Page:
Narrated By: Michael Boatman
Duration: 7 hours and 32 minutes
What to expect
From the #1 New York Times bestselling author, an extraordinary story of redemption in the darkest of places.
Jarvis Jay Masters’s early life was a horror story whose outline we know too well. Born in Long Beach, California, his house was filled with crack, alcohol, physical abuse, and men who paid his mother for sex. He and his siblings were split up and sent to foster care when he was five, and he progressed quickly to juvenile detention, car theft, armed robbery, and ultimately San Quentin. While in prison, he was set up for the murder of a guard – a conviction which landed him on death row, where he’s been since 1990.
At the time of his murder trial, he was held in solitary confinement, torn by rage and anxiety, felled by headaches, seizures, and panic attacks. A criminal investigator repeatedly offered to teach him breathing exercises which he repeatedly refused, until desperation moved him.
With uncanny clarity, David Sheff describes Masters’s gradual but profound transformation from a man dedicated to hurting others to one who has prevented violence on the prison yard, counselled high school kids by mail, and helped prisoners -and even guards – find meaning in their lives.
Along the way, Masters becomes drawn to the Buddhist principles – compassion, sacrifice, and living in the moment -and gains the admiration of Buddhists worldwide. And while he is still in San Quentin and still on death row, he shows us all how to ease our everyday suffering, relish the light that surrounds us, and endure the tragedies that befall us all.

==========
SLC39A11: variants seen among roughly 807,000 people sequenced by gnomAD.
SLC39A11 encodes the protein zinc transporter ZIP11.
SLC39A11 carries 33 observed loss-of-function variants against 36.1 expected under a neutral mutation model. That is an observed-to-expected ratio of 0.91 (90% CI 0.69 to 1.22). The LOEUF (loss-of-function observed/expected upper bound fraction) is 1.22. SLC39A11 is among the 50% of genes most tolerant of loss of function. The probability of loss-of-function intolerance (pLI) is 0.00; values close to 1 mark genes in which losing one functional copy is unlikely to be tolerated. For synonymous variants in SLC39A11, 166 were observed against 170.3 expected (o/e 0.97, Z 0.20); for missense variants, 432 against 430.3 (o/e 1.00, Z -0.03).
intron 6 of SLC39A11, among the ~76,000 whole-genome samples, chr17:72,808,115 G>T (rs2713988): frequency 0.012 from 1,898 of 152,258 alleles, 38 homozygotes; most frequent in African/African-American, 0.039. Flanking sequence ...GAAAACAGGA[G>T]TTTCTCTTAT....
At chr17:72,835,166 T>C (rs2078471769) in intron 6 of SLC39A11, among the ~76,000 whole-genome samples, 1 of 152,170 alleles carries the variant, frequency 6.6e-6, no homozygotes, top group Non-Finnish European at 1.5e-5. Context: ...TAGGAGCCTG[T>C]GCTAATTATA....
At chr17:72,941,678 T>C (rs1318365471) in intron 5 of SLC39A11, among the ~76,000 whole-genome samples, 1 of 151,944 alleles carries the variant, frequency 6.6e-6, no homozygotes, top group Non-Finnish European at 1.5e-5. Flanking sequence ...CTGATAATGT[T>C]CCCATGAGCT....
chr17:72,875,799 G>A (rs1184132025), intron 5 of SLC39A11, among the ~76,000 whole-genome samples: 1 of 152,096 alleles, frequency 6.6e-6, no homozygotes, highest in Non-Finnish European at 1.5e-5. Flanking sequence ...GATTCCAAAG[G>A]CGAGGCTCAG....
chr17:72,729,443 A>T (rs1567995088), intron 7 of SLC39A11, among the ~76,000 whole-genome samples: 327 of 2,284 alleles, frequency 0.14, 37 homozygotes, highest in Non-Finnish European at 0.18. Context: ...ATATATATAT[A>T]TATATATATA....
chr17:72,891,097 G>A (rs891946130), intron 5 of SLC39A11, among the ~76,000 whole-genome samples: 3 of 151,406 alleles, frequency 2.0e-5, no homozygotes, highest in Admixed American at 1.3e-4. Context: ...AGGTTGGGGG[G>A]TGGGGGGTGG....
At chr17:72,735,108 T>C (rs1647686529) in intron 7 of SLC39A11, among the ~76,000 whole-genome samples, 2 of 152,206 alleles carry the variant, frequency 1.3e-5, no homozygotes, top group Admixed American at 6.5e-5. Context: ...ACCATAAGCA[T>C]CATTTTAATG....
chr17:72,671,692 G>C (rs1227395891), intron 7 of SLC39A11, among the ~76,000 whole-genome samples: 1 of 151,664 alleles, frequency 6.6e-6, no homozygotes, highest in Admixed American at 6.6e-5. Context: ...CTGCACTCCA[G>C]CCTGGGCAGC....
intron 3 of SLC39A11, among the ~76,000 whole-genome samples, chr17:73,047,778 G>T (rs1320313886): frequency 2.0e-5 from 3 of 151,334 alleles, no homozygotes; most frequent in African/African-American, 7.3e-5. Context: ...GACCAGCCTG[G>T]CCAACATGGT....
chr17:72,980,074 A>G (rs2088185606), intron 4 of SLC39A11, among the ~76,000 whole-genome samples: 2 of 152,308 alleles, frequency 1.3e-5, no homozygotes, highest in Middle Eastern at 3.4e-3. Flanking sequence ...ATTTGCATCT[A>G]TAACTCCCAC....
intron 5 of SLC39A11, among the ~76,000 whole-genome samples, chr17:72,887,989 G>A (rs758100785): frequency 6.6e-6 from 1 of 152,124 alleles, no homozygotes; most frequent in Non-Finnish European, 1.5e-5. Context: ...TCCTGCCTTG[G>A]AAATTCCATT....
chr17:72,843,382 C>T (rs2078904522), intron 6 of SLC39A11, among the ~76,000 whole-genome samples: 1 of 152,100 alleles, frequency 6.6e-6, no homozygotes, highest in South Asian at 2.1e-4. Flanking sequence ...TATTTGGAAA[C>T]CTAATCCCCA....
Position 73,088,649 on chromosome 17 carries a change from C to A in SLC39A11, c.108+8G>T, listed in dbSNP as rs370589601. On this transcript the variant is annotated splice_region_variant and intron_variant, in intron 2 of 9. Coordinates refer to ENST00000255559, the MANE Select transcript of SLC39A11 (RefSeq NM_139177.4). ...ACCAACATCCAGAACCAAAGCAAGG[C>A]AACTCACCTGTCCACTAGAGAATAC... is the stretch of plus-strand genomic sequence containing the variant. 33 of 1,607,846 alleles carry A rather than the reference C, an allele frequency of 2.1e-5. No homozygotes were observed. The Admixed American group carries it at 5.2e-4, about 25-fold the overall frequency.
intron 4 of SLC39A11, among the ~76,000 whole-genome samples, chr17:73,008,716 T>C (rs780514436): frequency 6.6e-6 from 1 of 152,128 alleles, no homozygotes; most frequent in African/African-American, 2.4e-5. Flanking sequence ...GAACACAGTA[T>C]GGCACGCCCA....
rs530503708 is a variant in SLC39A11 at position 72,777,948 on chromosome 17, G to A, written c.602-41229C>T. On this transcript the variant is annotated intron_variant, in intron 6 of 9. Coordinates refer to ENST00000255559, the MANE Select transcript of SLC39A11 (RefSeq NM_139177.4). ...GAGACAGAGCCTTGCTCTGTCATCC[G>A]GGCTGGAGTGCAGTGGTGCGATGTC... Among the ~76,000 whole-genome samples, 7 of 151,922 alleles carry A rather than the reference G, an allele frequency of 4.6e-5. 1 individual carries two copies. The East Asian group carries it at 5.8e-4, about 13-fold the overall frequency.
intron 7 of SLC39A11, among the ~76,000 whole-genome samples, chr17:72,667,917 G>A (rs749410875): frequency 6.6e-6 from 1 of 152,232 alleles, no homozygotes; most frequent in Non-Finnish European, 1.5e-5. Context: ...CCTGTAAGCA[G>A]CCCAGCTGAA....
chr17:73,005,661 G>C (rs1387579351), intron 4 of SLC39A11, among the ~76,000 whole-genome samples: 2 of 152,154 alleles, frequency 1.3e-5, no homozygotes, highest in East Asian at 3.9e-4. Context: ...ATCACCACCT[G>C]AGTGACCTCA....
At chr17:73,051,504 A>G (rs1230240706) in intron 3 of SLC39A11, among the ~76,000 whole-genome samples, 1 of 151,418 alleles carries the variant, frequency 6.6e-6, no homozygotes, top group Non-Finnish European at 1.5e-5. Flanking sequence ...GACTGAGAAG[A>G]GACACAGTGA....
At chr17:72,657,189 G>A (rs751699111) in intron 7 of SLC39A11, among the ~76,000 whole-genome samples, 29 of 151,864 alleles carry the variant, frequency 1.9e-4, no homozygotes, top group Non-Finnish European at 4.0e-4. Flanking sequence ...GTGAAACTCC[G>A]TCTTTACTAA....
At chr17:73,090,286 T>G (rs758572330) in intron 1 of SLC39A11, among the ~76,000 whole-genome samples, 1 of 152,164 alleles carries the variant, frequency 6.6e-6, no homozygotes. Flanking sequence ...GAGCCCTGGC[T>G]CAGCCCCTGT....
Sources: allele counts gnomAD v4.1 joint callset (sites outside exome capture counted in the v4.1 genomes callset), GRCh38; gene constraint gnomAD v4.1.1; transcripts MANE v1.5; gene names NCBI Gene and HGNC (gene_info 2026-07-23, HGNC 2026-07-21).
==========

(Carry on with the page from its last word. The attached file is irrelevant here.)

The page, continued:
True stories of heroism, endurance & survival, Zen Buddhism
Listen to a sample
‘This is a beautiful, profoundly spiritual book, and a page-turner. Jarvis Jay Masters’s transformation, from an unloved child of violence and poverty to Buddhist teacher on Death Row, is thrilling. Reading it changed me, threw the lights on, opened and gentled my heart. I’m going to give it to everyone I know.’ Anne Lamott, New York Times bestselling author of Almost Everything
‘This profound, gorgeous book displays the miraculous human capacity to find redemption, and even joy, no matter who or where we are. Jarvis Masters’s story proves that we are all united by our suffering and by our potential to help others who suffer.’ Sister Helen Prejean, author of Dead Man Walking
‘An inspiring book about how meaning can be found even in—perhaps especially in—adversity. It’s a study of Buddhism, of criminal justice, of the ways people connect with each other, and it’s written with deep feeling and verve.’ Andrew Solomon, New York Times bestselling author of Far from the Tree
‘I believe [this book] will encourage many people to examine their own lives and their unrealized potential for awareness, generosity, commitment, and courage.’ Rebecca Solnit, author of Men Explain Things to Me
‘I’m grateful to be Jarvis Masters’s teacher in part because he has taught me so much. I have rarely encountered anyone who expresses the essence of Buddhism in a clearer, more moving way than he does, and I deeply admire how David Sheff has captured that hard-won wisdom in this book.’ Pema Chodron, author of When Things Fall Apart
‘This book celebrates a liberation not gained by guns and gangs, prison breaks and murder, but by sitting with one’s breath and believing in the perfection of the universe and all who strive and suffer within it. The Buddhist on Death Row is a deeply useful reminder that we can all be free regardless of where we are placed.’ Alice Walker